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Squatters find way to rid of river pollution Print E-mail
Posted by Administrator   
Thursday, 04 December 2008

ImageBy: Dev Kumar Sunwar

Kathmandu: Until a year ago, life was like a nightmare for squatters of Narayan tole behind the Maharajgunj-based Kanti Children’s Hospital. Pungent smell emanating from the polluted Samakhusi River used to stink their nostrils. The polluted river used to cause diseases galore. But all that changed after the squatters realized that disposal of waste in the river, including toilet waste, was to blame for the stink and a number of diseases, including diarrhoea, eye shore and dysentery.

After this realization, the squatters sought help from I/NGOs to get rid of the maladies. Their plea for help did not go in vain. LUMANTI, an NGO working in the slums, Water Aid and UN-HABITAT contributed Rs. 90,000 and technical expertise. ImageTwo small wastewater treatment plants (septic tank with up flow bio-filters) were built with this assistance. Each tank has two chambers (upper and lower) and a bio-filter separates the two. The filter blocks solid waste and allows liquid waste into the upper chamber. Solid materials that remain on the first chamber decompose in time. Twenty-eight households of the area have linked their toilet sewage pipes with these tanks, which discharge only clean water into the river. The squatters use decomposed waste as fertiliser.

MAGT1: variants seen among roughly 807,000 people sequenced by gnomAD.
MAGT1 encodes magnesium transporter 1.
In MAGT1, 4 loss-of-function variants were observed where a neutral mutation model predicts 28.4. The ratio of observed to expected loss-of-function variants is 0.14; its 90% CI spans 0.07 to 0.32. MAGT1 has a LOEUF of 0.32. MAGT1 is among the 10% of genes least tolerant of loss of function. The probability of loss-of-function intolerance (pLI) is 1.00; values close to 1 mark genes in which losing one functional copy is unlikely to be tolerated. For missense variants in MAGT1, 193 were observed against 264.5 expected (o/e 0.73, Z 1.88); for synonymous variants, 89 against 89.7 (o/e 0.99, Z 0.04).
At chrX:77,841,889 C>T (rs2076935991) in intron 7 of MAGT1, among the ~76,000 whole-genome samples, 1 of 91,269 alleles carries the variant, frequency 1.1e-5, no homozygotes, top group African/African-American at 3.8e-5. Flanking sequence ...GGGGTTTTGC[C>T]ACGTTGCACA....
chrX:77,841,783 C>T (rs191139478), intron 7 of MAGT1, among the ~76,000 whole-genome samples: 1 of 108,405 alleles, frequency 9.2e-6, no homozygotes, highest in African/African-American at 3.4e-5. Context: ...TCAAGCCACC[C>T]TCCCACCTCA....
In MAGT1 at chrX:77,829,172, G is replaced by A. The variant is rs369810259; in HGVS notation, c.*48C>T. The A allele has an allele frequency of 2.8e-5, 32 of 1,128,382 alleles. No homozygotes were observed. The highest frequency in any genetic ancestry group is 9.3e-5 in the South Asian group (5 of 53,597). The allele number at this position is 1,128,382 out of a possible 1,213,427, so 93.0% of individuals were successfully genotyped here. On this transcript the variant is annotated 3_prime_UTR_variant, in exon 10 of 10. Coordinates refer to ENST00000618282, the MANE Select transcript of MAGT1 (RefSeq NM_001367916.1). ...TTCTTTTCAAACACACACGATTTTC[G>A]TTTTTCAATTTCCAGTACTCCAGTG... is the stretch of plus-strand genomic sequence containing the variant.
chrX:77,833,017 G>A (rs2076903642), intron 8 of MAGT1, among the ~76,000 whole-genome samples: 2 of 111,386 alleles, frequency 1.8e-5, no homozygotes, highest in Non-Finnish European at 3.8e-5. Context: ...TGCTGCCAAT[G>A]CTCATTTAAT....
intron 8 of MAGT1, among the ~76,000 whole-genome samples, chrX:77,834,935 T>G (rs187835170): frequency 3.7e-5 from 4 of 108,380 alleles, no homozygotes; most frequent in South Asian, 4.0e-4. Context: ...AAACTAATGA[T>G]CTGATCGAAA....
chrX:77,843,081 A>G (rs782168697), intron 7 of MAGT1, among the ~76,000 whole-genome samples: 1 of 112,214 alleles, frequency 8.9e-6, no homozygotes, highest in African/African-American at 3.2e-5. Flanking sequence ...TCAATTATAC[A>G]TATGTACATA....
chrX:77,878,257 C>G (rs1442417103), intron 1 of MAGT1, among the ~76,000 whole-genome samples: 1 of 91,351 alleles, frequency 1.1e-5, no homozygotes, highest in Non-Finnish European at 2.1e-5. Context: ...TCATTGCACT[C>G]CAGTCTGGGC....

"Earlier, only a few of us had toilets in our households. We used to defecate out in the open at night. The handful of toilets had their drainage pipes linked with the river," said Gita Devi Dhakal, one of the squatters. "The stench emanating from the polluted river used to make our lives miserable. Now, stink has become a thing of the past."


Image"We want to change the mindset of the people, who see us (squatters) as the main polluters of the river and environment," said Sudip Pulami, secretary of Narayan Tole Sudhar Samiti. With Asian Development Bank funding, the department of Urban Development and Building Construction (DUDBC), under the Ministry of Physical Planning and Works (MoPPW), is constructing over 30 bigger wastewater treatment plants under the Urban and Environmental Improvement project (UNIP) in a number of cities.
The bigger the plant, the more it costs. But, according to Lajana Manandhar, executive director of LUMANTI, if the government makes treatment of wastewater mandatory, then every individual building a house in the urban area will be able to afford a small treatment plant, which is cheap and occupies little space.
"Every planner can learn a lesson from the initiative of the Narayan tole squatter community," said Manandhar. "If all households build small plants, then we can clean up the polluted rivers of Kathmandu without having to wait for donors."
River pollution will be controlled to a great extent if 32 squatters' settlements in the Kathmandu valley take a leaf from the people of Narayan tole.

Source: The Kathmandu Post, December 2, 2008

 
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